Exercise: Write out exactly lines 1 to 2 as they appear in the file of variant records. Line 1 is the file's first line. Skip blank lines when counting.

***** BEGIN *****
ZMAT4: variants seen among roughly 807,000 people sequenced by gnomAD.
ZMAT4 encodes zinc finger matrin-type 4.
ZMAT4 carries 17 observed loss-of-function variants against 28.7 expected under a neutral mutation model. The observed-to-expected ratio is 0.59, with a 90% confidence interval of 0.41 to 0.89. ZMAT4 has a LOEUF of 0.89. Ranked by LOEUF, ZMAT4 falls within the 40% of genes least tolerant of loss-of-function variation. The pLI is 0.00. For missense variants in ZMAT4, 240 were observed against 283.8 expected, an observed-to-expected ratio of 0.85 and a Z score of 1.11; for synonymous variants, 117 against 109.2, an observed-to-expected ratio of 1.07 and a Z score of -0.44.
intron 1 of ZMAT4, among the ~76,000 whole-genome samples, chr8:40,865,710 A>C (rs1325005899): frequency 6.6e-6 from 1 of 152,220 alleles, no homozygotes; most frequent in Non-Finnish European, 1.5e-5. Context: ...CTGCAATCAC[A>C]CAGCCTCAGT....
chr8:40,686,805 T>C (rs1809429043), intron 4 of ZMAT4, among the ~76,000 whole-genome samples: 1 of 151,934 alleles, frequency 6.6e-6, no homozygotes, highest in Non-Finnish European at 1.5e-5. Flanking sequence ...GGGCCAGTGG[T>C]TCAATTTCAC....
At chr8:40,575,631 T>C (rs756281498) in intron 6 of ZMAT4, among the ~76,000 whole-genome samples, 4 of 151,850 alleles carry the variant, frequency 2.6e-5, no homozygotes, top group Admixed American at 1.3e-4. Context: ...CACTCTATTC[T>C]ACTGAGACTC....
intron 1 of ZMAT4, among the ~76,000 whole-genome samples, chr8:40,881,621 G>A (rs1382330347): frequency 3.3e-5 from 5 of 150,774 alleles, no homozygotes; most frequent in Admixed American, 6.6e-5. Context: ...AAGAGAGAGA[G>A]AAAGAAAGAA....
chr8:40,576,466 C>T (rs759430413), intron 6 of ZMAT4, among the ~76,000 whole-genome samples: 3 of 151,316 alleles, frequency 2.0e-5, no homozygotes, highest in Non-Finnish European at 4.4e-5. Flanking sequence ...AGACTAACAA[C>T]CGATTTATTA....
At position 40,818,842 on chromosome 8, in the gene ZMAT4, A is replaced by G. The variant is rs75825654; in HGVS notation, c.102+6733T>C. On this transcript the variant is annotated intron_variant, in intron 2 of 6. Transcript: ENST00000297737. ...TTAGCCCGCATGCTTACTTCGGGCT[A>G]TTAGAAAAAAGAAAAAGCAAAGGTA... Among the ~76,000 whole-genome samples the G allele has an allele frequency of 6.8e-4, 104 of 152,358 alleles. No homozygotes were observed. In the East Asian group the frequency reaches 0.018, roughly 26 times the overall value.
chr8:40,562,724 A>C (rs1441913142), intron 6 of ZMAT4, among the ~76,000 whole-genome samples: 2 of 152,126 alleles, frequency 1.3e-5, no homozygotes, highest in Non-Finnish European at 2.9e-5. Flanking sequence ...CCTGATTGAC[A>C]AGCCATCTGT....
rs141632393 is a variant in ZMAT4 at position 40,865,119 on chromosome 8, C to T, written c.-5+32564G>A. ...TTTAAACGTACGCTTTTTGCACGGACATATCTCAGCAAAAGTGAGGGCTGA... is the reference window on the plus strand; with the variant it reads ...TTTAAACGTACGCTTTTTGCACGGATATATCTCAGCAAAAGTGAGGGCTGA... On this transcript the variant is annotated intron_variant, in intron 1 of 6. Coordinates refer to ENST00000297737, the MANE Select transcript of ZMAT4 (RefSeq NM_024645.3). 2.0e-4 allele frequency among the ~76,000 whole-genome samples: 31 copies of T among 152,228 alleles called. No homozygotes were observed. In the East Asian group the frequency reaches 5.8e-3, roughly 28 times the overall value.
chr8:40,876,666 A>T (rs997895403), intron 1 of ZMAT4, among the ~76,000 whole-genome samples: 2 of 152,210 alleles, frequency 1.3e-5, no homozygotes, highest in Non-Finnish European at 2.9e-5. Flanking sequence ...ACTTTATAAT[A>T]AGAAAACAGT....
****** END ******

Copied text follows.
ZMAT4: variants seen among roughly 807,000 people sequenced by gnomAD.
ZMAT4 encodes zinc finger matrin-type 4.